Flashcards in Renal Physiology Deck (35):
What vessels supply the kidneys with which type of blood?
- Renal artery = oxygenated blood
- Renal vein = deoxygenated blood
Outer region of kidneys
Inner region of kidneys
What are the functions of the kidneys
1. Homeostasis = regulate blood volume, BP, osmolarity (ion levels) and pH
3. Endocrine/Hormonal = Produce erythropoietin and Vitamin D3
Why is erythropoietin important?
Why is Vitamin D3 important?
- Important for Ca2+ homeostasis
- low Ca2+ = lead to rickets
How to you obtain Vitamin D3?
Exposure to sunlight
Where does the nephron lie?
Top region lies in cortex and bottom in medulla
How does blood flow into the glomerulus?
Via the afferent arteriole
What is glomerular filtration?
Movement of molecules from plasma in the glomerulus into Bowman's space
How is blood filtered from the glomerulus?
Efferent arteriole (going out) is narrower than the afferent arteriole (going into G) so blood is under pressure in the glomerulus and this aids glomerular filtration
What happens to molecules that are filtered out of the glomerulus?
Compounds are filtered out of plasma, into bowman's space and move down Loop of Hendle, back up, and eventually into bladder
What happens to molecules that are not filtered out of the glomerulus?
They continue from efferent vessel into vasa recta, and back into systemic circulation
What happens in the Loop of Hendle?
Some molecules such as water, are reabsorbed here
What is the Bowman's capsule composed of?
1. Capillary endothelium
2. Basement membrane
3. Capsule cells/podocytes
What happens to a large molecule in the glomerulus?
Too large to pass through the endothelial gaps, therefore remains in the glomerulus and is secreted via the efferent arteriole into vasa recta and into systemic circulation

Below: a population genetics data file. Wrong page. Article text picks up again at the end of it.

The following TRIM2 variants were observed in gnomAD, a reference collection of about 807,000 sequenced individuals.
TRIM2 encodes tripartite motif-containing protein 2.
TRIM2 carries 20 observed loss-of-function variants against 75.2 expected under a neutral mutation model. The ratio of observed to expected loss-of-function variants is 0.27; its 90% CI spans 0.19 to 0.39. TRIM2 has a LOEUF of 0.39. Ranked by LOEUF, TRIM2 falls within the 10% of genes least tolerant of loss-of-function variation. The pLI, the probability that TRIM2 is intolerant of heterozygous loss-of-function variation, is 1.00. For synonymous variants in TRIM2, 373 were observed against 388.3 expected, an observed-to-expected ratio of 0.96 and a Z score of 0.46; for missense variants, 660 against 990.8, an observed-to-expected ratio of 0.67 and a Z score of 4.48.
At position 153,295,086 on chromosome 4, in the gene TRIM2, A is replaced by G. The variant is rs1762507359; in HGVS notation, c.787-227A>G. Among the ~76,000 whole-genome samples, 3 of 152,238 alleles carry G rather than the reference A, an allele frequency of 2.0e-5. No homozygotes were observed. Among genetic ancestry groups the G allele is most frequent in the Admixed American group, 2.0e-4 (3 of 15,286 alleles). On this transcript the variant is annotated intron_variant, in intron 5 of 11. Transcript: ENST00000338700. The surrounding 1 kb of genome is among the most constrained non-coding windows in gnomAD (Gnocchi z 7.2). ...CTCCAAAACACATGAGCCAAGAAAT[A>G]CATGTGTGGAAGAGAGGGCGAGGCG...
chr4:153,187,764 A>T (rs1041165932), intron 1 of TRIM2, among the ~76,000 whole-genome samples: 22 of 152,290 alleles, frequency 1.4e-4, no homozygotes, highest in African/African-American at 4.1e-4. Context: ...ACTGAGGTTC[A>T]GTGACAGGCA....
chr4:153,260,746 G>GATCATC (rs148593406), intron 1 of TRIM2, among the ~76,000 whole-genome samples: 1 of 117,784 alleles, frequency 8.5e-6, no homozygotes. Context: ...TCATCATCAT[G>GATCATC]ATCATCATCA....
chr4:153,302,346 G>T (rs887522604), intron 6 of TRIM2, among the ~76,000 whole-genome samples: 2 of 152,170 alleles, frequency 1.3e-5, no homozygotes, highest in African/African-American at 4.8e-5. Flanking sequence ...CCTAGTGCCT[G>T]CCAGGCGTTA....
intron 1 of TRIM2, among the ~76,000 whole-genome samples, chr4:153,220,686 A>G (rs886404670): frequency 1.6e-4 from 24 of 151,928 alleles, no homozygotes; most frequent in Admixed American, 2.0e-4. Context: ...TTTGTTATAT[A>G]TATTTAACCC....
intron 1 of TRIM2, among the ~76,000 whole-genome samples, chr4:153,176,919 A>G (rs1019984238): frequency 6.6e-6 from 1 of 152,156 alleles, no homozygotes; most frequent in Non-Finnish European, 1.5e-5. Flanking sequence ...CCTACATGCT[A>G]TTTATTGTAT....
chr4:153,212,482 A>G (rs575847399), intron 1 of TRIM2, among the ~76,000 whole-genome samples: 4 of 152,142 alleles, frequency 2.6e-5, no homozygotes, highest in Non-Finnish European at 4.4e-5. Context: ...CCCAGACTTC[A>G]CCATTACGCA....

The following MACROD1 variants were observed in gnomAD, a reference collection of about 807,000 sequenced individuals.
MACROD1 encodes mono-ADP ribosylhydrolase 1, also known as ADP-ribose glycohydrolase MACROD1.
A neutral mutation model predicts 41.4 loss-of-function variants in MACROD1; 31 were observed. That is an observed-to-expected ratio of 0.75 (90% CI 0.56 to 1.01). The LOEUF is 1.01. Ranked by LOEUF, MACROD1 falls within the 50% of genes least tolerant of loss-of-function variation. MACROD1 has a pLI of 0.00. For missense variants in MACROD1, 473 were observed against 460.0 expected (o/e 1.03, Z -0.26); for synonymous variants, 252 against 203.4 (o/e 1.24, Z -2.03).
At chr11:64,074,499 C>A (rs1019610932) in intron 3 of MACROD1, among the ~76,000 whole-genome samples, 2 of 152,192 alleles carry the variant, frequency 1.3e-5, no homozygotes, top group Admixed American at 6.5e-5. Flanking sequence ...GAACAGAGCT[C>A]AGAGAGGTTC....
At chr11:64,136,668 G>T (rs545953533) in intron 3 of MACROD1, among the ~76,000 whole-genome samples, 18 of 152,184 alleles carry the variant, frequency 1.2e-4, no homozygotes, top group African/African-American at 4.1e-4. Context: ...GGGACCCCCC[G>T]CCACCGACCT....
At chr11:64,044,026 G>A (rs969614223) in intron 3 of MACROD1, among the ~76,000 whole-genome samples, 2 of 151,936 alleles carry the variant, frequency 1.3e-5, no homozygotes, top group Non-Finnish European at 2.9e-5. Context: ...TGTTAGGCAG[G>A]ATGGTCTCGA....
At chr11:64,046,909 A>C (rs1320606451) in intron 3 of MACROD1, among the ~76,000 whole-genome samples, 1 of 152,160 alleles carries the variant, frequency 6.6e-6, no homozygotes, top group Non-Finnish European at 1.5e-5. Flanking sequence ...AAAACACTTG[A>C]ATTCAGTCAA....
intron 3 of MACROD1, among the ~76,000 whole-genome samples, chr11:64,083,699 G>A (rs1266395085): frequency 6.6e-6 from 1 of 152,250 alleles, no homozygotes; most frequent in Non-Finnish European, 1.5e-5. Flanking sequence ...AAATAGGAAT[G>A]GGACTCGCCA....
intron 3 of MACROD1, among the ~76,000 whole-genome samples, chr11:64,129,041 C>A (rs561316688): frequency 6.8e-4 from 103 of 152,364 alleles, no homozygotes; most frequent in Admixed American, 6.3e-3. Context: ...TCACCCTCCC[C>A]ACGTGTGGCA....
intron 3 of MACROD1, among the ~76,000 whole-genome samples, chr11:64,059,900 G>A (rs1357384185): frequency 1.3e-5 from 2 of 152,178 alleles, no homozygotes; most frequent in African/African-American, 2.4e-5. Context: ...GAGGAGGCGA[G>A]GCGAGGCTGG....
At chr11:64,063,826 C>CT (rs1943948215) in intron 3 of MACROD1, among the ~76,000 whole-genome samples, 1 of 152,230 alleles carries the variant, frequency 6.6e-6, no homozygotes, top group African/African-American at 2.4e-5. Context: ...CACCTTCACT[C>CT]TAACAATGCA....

What happens to a small molecule in the glomerulus?
Small enough to pass though the endothelial gaps and move into Loop of Gendle
Glomerular filtration rate (GFR)
- Volume of fluid filtered into Bowman's capsule per unit time OR rate at which fluid is filtered by the kidneys.
- Used to measure kidney function
- As CKD worsens = GFR decreases = albuminuria increases
How do kidney stones affect kidney function?
Cause obstructions and inflammation. This may affect filtration
Role of insulin in measuring kidney function
- Before measuring eGFR, administer insulin i.v.
Advantages of insuline when measuring kidney function
- Freely filtered
- Not reabsorbed or secreted by the nephron
- Not metabolised by the kidney
- Excreted in the urine
Disadvantages of insuline when measuring kidney function
i.v. so invasine
Advantages of creatinine when measuring kidney function
- Produced naturally by our muscles so no need for i.v.
- Freely filtered
Disadvantages of creatinine when measuring kidney function
Secreted to a small extent by the nephron (approx. 10%) so need to make adjustments for this
What is renal clearance
Volume of plasma from which a substance is completely removed / unit time
Why is renal clearance important?
Important when developing new drugs as we need to understand how the patient will metabolise the drug and how it will be cleared from the body
Renal clearance equation
Cx = [Ux] x V / [Px]
What measurements are needed to calculate renal clearance?
- V = volume of urine produced in given time (vol/time)
- [Ux] = urine conc. of X
- [Px] = plasma conc of X
Organic anion transporter = uptake transporter
Organic anion transporting polypeptide
Organic cation transporter
Multidrug resistance-associated protein
Breast cancer resistance protein = efflux transporter
P-glycoprotein = efflux transporter